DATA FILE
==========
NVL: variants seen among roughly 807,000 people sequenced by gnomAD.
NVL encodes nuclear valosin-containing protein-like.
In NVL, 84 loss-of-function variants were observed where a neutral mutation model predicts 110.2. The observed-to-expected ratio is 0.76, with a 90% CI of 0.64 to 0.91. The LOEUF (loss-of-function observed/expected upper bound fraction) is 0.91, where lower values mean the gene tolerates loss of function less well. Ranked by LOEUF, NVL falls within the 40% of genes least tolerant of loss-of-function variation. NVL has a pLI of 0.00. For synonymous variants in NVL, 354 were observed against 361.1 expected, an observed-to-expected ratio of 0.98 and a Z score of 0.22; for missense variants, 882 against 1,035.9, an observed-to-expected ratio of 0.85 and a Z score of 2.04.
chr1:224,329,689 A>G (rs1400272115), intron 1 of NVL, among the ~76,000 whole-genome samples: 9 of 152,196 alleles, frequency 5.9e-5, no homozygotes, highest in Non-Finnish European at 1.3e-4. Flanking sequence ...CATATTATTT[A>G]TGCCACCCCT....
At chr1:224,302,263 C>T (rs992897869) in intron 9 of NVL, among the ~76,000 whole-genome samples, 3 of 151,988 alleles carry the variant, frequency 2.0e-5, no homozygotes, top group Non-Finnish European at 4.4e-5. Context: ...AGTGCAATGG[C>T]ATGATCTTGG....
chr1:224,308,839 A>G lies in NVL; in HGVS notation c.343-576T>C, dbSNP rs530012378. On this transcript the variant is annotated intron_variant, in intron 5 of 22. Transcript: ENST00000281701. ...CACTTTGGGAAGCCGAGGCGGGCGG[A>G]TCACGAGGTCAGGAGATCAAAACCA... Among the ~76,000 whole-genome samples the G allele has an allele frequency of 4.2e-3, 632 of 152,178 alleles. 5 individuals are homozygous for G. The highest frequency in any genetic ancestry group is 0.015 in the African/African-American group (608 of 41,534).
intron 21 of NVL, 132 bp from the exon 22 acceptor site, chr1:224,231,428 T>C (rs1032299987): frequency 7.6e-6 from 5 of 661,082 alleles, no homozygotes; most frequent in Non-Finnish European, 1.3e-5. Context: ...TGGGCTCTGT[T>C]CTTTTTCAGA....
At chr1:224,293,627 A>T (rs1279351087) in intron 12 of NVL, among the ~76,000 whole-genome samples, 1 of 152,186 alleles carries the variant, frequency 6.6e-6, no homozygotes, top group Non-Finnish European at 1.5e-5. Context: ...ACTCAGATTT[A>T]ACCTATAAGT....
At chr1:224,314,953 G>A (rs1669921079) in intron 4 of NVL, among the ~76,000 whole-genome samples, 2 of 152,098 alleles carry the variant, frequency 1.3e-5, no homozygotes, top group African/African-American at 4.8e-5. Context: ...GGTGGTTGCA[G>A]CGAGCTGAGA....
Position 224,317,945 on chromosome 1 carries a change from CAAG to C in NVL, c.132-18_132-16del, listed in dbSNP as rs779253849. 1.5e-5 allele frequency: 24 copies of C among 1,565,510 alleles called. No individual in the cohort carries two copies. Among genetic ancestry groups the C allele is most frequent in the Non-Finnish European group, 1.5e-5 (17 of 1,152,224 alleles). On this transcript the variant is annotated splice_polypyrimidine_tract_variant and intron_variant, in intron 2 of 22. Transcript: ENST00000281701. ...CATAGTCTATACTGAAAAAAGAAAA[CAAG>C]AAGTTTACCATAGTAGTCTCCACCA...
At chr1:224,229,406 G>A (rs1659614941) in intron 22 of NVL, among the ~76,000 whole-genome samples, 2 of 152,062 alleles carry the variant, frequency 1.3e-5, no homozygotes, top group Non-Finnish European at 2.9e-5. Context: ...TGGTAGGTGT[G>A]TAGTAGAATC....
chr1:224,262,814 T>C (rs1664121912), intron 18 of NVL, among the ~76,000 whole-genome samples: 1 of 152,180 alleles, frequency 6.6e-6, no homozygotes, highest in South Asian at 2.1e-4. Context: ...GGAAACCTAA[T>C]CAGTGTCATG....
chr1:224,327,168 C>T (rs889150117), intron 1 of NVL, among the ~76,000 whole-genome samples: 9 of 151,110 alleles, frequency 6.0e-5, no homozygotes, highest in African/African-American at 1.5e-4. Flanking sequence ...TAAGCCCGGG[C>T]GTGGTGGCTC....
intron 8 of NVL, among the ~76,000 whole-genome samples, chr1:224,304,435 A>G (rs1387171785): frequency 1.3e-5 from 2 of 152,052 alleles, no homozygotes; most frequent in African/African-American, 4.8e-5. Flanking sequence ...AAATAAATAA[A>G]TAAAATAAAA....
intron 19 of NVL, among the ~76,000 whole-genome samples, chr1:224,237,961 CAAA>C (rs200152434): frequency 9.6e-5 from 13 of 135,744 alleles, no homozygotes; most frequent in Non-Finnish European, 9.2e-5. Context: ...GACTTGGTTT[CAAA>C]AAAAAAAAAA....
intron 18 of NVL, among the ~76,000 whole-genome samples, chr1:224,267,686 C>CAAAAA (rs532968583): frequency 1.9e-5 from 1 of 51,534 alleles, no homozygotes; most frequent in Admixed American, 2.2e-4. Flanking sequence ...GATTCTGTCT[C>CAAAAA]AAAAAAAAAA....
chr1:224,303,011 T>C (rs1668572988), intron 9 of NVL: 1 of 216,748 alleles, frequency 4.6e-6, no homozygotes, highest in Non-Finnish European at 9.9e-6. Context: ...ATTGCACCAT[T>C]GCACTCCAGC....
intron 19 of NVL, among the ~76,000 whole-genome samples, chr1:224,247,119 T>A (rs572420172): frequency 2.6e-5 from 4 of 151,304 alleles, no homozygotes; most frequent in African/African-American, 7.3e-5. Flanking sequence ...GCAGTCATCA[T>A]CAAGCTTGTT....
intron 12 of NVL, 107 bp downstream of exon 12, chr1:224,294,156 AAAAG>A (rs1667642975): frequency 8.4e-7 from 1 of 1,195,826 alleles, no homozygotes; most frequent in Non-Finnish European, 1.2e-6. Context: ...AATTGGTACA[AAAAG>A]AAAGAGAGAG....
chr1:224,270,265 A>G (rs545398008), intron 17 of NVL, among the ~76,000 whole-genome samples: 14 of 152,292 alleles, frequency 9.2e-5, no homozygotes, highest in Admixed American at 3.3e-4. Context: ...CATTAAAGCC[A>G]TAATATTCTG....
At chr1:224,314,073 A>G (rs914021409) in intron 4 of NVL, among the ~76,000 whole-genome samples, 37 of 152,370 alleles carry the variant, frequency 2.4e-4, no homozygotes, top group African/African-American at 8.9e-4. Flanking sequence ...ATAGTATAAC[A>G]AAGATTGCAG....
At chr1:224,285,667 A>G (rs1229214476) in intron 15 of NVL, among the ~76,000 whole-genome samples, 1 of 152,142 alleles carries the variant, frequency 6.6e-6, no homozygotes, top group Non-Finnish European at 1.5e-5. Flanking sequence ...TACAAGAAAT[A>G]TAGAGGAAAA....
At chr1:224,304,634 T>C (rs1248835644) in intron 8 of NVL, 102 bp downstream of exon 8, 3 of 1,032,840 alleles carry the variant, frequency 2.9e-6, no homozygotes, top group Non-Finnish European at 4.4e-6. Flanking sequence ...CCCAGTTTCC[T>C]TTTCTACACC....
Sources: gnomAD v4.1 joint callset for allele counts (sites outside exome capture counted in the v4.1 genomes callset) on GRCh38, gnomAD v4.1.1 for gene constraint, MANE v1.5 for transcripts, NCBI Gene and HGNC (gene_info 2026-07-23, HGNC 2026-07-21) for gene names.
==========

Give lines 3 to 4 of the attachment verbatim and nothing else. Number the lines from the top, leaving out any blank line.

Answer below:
In NVL, 84 loss-of-function variants were observed where a neutral mutation model predicts 110.2. The observed-to-expected ratio is 0.76, with a 90% CI of 0.64 to 0.91. The LOEUF (loss-of-function observed/expected upper bound fraction) is 0.91, where lower values mean the gene tolerates loss of function less well. Ranked by LOEUF, NVL falls within the 40% of genes least tolerant of loss-of-function variation. NVL has a pLI of 0.00. For synonymous variants in NVL, 354 were observed against 361.1 expected, an observed-to-expected ratio of 0.98 and a Z score of 0.22; for missense variants, 882 against 1,035.9, an observed-to-expected ratio of 0.85 and a Z score of 2.04.
chr1:224,329,689 A>G (rs1400272115), intron 1 of NVL, among the ~76,000 whole-genome samples: 9 of 152,196 alleles, frequency 5.9e-5, no homozygotes, highest in Non-Finnish European at 1.3e-4. Flanking sequence ...CATATTATTT[A>G]TGCCACCCCT....